South Africa shutdown sees thousands of workers unite

 In Labor and Unions, South Africa

Rival trade union federations Cosatu and Saftu united to combat the cost of living crisis.

A shutdown led by trade unions in South Africa was major success on Wednesday. It showed that after a long Covid slumber, the working class and its allies are on the move again.

For all the nerves that were had by all who were organising the shutdown, the turnout and militancy of union activists, supported by community organisations, surpassed all expectations. We have waited a long time to experience this show of force by workers.

Coordinated marches took place in 11 major cities. The largest was in Tshwane (Pretoria) where some 10,000 marched through the city centre to hand over demands to government and listen to speeches by union leadership and supporting organisations.

Crucially the action united both union federations—the South African Federation of Trade Unions (Saftu) and the Congress of South African Trade Unions (Cosatu). At one point the Tshwane gathering saw separate assemblies for the two federations. But they came together in the end.

Cosatu, founded in 1985, is the historic federation and linked to the ruling African National Congress (ANC). Saftu broke from Cosatu in 2017 over the ANC links and other issues.

But this year it has stressed the need for joint action. In May its congress declared, “We are moving beyond divisiveness in favour of principled unity and recommit to building a fighting trade union movement guided by Marxism.”

“We declare that we must seek to work together, in solidarity, with other trade union federations, unions, and other worker-oriented organisations to protect workers against consistent and unrelenting attacks from capitalists and their system. We need unity in action not just simply declared.”

Other organisations backing the shutdown included the Treatment Action Campaign, the Abahlali baseMjondolo shack dwellers’ movement, the Kopanang Africa Against Xenophobia campaign and the #PaytheGrants campaign.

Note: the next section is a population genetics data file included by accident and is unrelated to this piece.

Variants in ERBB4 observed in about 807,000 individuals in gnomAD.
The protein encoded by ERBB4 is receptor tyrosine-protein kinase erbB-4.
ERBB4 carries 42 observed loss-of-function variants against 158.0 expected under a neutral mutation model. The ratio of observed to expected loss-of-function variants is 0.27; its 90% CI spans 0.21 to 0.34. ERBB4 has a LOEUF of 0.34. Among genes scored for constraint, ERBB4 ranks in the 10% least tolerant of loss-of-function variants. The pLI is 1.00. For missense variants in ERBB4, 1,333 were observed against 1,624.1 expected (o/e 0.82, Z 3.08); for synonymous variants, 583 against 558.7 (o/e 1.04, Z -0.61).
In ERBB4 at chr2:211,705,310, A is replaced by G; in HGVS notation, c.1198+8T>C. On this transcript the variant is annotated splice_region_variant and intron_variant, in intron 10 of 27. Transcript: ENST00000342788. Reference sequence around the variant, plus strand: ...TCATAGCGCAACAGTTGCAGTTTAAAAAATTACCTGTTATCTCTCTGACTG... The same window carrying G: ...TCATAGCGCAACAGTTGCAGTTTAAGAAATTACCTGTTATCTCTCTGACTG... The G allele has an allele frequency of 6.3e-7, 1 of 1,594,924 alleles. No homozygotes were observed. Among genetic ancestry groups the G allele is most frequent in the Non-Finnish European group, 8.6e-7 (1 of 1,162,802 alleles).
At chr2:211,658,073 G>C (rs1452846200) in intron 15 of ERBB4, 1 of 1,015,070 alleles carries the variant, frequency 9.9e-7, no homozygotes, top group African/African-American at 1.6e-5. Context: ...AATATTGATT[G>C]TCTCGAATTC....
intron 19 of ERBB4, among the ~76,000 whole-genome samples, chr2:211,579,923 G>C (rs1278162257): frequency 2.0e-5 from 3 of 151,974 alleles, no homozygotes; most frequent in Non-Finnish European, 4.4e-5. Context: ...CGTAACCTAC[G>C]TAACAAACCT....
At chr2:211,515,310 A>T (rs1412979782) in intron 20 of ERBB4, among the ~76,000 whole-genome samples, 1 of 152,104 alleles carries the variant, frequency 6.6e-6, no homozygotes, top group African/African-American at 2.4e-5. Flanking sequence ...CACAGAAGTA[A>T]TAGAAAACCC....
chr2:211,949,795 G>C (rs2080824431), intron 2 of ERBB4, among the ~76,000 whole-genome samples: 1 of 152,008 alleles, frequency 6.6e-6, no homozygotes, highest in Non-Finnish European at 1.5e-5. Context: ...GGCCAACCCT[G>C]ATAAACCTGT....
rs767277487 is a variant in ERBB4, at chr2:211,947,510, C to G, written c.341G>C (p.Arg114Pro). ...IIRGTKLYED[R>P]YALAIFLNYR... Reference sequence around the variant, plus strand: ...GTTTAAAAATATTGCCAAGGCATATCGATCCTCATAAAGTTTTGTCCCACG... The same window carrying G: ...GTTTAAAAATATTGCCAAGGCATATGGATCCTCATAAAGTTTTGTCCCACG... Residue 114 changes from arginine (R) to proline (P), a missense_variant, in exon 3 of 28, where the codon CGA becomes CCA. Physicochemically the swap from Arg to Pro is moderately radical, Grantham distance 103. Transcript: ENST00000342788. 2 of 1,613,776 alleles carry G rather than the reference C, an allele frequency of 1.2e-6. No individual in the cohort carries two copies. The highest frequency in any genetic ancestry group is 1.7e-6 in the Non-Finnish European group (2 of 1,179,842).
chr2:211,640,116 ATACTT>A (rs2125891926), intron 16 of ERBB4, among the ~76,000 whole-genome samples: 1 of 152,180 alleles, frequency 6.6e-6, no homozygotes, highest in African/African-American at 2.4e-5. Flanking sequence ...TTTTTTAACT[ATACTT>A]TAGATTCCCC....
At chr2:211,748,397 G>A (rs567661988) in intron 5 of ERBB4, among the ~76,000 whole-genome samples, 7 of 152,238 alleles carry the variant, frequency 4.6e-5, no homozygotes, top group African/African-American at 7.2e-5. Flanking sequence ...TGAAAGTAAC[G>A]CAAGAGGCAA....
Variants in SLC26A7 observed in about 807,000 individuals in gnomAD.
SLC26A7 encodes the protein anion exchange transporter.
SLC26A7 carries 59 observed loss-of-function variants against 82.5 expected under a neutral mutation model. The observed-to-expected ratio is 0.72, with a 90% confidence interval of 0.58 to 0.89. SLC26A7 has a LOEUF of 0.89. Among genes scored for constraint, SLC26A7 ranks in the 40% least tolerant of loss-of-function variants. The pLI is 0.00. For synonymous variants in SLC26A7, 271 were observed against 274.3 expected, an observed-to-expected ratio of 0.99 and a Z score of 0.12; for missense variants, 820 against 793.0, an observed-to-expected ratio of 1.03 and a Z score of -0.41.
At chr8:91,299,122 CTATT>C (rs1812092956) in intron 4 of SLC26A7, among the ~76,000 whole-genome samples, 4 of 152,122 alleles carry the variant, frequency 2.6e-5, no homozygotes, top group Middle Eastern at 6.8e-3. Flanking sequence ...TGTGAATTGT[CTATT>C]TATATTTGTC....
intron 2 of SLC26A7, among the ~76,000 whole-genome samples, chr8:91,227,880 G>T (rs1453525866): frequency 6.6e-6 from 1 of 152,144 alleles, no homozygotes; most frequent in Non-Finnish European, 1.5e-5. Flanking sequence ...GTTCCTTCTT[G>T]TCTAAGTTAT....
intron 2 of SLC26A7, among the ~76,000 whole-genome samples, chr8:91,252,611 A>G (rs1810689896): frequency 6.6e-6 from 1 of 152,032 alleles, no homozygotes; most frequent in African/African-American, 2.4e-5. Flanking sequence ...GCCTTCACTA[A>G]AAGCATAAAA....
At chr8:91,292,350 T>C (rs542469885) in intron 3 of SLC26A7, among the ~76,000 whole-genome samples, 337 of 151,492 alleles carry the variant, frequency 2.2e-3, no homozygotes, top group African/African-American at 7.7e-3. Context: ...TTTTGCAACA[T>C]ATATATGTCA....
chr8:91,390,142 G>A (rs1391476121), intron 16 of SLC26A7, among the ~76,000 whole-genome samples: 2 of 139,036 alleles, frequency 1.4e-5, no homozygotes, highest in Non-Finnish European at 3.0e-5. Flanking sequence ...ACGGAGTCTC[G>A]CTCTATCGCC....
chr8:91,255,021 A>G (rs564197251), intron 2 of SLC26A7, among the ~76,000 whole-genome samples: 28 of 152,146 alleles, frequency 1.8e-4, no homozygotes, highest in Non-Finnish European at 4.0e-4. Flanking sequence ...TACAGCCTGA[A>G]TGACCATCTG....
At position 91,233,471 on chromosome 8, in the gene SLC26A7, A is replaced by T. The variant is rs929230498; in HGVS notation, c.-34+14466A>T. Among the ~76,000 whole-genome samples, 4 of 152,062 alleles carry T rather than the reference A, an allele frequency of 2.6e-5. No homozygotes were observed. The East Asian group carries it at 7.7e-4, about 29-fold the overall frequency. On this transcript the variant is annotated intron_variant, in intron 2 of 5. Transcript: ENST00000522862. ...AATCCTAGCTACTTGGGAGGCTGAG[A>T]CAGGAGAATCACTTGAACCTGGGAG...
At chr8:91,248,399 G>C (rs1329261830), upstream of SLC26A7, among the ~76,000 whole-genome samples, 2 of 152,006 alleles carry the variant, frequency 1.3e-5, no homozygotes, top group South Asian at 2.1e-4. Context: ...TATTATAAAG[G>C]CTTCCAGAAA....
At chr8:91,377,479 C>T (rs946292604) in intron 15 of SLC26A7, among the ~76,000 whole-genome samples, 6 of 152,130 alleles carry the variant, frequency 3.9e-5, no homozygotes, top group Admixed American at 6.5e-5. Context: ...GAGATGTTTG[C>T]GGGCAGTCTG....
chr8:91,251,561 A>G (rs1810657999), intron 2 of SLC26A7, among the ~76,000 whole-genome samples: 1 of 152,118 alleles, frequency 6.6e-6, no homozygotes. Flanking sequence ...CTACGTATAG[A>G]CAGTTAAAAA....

It is no wonder that working people are starting to stand up again. The assaults by companies and government making use of the Covid pandemic, have been devastating.

Bosses and government destroyed some 3 million jobs. The lowest paid were hit hardest, with women bearing the brunt. Gender based violence and crime have reached terrifying levels. Youth unemployment is nearing 60 percent.

Food price inflation will soon move past its present 8 percent officially as companies cash in on the crisis to increase their profits. Many people are cutting down on regular daily meals. Transport and fuel prices have rocketed.

If this is not enough, electricity cut-offs, especially around supper time, have made life very difficult. These flow from a lack of a planned system and grossly inadequate investment in a sustainable system to supply power for all.

The effects of climate change are also clearer than ever. A recent “rain bomb”—a deluge causing catastrophic floods—in Kwazulu-Natal saw some 430 people lose their lives, buried in mud.

Union leaders came out strongly on Wednesday, feeling the awaking militancy of their members. Zwelinzima Vavi, previously Cosatu general secretary and now general secretary of Saftu, lambasted government for its corruption, ineptitude and bringing the public services that working people rely on into total disarray.

Postal workers, for example, sit in sorting centres without either heating or air conditioning, low lighting and disgusting toilets facilities.

The government is reneging on past wage increases to public servants.

Vavi also condemned the rise of scapegoating in the form of xenophobia and sexism and highlighted the spectre of climate change.

The shutdown was a sign of the potential for increased resistance. Now it has to lead to more strikes, more mass protests and a stronger socialist alternative to the ANC.

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